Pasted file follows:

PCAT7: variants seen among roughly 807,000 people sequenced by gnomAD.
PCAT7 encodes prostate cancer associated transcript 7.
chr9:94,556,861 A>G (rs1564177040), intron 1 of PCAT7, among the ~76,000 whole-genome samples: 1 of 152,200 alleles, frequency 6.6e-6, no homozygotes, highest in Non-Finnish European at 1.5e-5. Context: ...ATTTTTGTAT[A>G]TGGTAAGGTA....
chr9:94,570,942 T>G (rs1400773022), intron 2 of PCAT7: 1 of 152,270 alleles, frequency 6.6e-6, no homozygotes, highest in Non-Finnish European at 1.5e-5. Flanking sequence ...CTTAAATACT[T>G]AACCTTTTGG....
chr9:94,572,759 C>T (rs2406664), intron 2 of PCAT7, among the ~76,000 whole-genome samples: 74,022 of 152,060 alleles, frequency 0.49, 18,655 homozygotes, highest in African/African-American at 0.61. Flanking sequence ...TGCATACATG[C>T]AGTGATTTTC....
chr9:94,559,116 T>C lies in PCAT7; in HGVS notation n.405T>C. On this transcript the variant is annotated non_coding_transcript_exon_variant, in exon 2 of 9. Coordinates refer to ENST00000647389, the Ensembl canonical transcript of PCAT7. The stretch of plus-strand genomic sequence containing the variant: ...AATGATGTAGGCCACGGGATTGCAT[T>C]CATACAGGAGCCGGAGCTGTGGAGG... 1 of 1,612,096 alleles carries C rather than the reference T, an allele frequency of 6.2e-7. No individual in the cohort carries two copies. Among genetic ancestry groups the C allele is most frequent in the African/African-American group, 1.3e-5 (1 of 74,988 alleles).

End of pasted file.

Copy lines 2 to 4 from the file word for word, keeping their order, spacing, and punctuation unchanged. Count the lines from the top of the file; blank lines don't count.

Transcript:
PCAT7 encodes prostate cancer associated transcript 7.
chr9:94,556,861 A>G (rs1564177040), intron 1 of PCAT7, among the ~76,000 whole-genome samples: 1 of 152,200 alleles, frequency 6.6e-6, no homozygotes, highest in Non-Finnish European at 1.5e-5. Context: ...ATTTTTGTAT[A>G]TGGTAAGGTA....
chr9:94,570,942 T>G (rs1400773022), intron 2 of PCAT7: 1 of 152,270 alleles, frequency 6.6e-6, no homozygotes, highest in Non-Finnish European at 1.5e-5. Flanking sequence ...CTTAAATACT[T>G]AACCTTTTGG....